Adeline’s Journal Part 2: Fictional Account of the War of 1812

Copyright 2012 by Mollie Pearce McKibbon

Dear Janetta, 

I haven’t been able to add anything to my journal until now.  We have been so busy.  It is the end of June and many things have happened since I last took my pen in hand.  First of all, Elizabeth and William are betrothed to be wed at harvest time.  William is working part time on clearing the land for their cabin on the north corner of our acreage.  Father has given them ten acres to put up a house and a barn.  Most of those acres are treed, so William comes home dreadfully tired.  When he has cleared a space, there will be a cabin and barn raising bee.

This will be our first family wedding here in Upper Canada.  Evvy and I are so excited.  Mother has ordered some fine spun cotton dimity for our new dresses.  Father thinks it is a terrible waste of money  and that our best Sabbath dresses are quite presentable, but Mother told him that we are quickly out-growing our clothing, which is quite true.  My summer shifts barely cover my ankles and Evvy has worn through the elbows of her summer jacket.  

The biggest news of all is that the president of the United States has declared war on Britain and so William has joined the militia, much against Mother’s wishes.  Father has agreed to it.  He says that William is quite old enough to bear arms if necessary and that he himself would be severely chastised by the neighbours if he was seen to be holding back his able-bodied son.  Mother just shakes her head  sadly and sheds a tear for Elizabeth.

Evvy and I are kept busy looking after the eider ducks and the geese.  We had twelve ducks but a fox got two of them and Mother is determined not to lose any more.  She has been saving eider down for quite some time to make pillows for my bridal trunk, but now she has decided to give two fluffy pillows to Elizabeth and William instead.  I don’t mind.  The way things have been lately, I don’t expect to marry for some time hence.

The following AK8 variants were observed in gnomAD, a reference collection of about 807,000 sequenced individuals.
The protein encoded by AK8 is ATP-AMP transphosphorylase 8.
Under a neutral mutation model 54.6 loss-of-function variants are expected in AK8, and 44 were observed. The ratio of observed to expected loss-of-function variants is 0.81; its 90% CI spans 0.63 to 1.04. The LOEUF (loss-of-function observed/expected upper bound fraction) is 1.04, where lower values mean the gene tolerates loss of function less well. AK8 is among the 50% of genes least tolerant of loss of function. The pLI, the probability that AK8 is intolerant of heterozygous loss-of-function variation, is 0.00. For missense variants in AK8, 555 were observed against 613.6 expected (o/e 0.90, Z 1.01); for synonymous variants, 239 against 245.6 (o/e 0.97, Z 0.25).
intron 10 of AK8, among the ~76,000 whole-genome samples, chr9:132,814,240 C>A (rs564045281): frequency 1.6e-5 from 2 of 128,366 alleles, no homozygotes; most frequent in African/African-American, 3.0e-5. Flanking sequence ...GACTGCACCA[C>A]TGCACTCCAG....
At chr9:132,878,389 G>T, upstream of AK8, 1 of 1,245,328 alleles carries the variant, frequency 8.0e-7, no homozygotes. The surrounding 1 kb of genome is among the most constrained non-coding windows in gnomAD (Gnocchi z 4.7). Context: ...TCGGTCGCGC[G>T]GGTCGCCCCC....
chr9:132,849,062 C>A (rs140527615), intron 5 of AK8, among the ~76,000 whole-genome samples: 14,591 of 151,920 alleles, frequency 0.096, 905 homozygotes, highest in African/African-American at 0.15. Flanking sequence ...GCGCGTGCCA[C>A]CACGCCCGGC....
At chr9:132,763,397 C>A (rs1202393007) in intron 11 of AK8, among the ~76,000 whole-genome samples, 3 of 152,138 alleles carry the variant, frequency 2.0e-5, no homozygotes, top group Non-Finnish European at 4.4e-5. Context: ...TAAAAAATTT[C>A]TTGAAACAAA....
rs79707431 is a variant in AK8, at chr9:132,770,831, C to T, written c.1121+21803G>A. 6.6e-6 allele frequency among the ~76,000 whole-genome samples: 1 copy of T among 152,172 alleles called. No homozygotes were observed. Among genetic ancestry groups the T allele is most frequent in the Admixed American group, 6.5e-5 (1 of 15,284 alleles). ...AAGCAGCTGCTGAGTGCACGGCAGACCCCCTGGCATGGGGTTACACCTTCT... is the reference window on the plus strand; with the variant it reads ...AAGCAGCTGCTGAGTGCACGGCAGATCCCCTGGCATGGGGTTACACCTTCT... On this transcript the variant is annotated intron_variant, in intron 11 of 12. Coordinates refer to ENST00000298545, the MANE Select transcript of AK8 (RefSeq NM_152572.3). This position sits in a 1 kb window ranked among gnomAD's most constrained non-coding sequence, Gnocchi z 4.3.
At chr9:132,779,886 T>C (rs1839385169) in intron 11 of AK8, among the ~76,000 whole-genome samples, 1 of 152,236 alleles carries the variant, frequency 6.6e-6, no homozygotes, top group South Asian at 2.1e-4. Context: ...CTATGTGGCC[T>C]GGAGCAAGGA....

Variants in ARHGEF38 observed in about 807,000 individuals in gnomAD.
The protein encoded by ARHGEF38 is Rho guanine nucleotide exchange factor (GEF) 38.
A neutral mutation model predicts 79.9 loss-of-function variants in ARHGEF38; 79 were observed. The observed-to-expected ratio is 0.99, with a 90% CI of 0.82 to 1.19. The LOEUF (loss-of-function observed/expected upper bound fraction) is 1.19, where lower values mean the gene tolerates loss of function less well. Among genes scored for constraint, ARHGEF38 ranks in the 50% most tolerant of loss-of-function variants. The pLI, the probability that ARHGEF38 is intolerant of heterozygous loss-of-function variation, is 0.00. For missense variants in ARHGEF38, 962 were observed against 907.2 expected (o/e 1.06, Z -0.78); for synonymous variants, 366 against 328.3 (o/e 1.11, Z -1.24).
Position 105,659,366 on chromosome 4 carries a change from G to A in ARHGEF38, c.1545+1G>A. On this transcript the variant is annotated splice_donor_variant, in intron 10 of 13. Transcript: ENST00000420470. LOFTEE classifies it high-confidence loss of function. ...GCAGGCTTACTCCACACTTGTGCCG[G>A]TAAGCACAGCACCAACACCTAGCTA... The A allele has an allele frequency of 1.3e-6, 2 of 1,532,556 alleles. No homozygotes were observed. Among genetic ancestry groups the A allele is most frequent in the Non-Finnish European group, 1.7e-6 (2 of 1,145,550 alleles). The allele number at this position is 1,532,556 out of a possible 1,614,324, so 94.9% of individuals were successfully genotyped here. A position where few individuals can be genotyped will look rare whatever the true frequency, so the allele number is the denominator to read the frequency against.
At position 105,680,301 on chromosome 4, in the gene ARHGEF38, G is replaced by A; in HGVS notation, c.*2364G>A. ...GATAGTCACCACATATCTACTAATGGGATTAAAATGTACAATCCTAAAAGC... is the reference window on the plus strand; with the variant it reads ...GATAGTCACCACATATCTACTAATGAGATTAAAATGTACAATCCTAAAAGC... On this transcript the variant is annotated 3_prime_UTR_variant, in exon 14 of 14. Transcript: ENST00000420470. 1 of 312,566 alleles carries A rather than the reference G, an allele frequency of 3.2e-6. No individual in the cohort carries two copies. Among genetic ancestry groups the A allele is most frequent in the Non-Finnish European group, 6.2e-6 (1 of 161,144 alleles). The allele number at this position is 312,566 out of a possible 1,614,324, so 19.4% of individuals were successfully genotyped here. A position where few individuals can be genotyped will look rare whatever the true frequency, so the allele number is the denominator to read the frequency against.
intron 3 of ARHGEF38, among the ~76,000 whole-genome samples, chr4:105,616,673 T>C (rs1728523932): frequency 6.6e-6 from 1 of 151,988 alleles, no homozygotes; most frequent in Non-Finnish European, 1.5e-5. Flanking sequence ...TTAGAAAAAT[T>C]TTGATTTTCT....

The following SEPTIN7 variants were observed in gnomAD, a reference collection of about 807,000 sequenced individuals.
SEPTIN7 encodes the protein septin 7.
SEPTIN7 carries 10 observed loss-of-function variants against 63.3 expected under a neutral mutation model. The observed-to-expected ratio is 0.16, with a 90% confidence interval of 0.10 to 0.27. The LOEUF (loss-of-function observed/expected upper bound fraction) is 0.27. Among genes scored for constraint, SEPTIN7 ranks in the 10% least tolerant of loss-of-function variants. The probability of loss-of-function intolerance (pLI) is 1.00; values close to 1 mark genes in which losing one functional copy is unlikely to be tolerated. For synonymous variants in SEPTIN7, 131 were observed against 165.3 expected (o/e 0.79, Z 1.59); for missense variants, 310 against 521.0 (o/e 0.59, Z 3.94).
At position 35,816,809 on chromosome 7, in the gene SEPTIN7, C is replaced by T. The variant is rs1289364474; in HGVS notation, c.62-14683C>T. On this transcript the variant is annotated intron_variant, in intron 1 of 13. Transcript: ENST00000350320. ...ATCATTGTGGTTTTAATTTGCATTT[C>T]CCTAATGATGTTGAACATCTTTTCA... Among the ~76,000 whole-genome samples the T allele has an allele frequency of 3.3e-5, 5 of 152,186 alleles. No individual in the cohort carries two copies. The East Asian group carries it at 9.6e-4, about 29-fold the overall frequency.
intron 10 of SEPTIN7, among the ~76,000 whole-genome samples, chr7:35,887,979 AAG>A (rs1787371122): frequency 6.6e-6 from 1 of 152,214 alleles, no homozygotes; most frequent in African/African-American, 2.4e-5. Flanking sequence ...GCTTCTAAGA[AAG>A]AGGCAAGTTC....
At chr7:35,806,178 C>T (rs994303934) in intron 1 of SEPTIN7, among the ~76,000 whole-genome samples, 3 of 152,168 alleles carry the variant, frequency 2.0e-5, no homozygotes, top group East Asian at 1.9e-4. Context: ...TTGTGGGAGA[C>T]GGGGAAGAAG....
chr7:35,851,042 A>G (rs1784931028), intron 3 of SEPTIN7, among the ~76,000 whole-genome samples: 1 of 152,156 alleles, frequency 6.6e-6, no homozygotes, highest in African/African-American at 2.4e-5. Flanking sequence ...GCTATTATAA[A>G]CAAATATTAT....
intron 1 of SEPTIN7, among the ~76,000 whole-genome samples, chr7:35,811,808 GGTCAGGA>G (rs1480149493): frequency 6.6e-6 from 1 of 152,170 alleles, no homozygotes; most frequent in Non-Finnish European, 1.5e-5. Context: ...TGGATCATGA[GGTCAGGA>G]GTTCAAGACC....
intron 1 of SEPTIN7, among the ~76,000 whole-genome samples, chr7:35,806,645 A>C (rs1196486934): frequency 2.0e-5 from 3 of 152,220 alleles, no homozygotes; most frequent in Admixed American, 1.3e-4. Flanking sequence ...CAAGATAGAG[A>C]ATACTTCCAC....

Robert and Arthur Randall have both enlisted and war is all they talk about lately.  Whenever they come by to visit it is to talk to William about drills, and gun powder and making musket balls.  I might just as well be a timepiece on the mantle or a plant on the window sill for all the attention they pay me now.

Evvy and I are constantly reminded by Mother to wear our straw hats over our cotton bonnets to keep the sun off our faces.  She is very worried that we will get sunburnt and our skin will dry out which she says is very unattractive. The problem is that our straw hats are constantly blowing off in the wind no matter how many hat pins we stick into them.  Have you ever tried to run after a duck or a goose in a petticoat with one hand holding your hat down on your head?  It is no easy task. Men have it so much easier in their trousers.

Whoever first described a goose as “silly” certainly had it to rights.  They are forever wandering off and getting themselves into ridiculous situations.  I tried to rescue a goose yesterday that was completely mired in muck.  All it did was flap its wings at me and snap its bill.  I got covered in mud head to toe, which of course, Arthur witnessed.  He found it very droll and laughed heartily.  I was not amused, especially as the object of my attempted salvation, extracted herself from the mud and waddled off, leaving me plop in the puddle.  Arthur helped me up, guffawing the whole time and it was more than I could do not to slap his insolent face!  Why didn’t he help me before I got so dirty?  He is no gentleman!

You know, if there were enough geese with a sense of direction, you could arm the whole countryside with them and we’d never need to shoot a musket.  We could just set the whole gaggle of them squawking, flapping and biting at the enemy.  Oh, I know that I’m just being as silly as a goose myself, but I am so tired of herding them out of the garden and away from poor Molly, our cow.  I’m also furious at Arthur for laughing at me!

Mother says that I must control my temper and learn patience or no man will want me for a wife.  Father just smiles and tells me that I should know better than to challenge a goose having a mud bath.

Good night, Janetta.  Evvy and I must go wash up before bedtime.  Mother doesn’t like it, but now Father and William sleep with their muskets under their beds.

Fondly, Adeline

Author’s Note:  I would love some feedback about this journal.  Please add a comment after reading it. Thank you.  – Mollie

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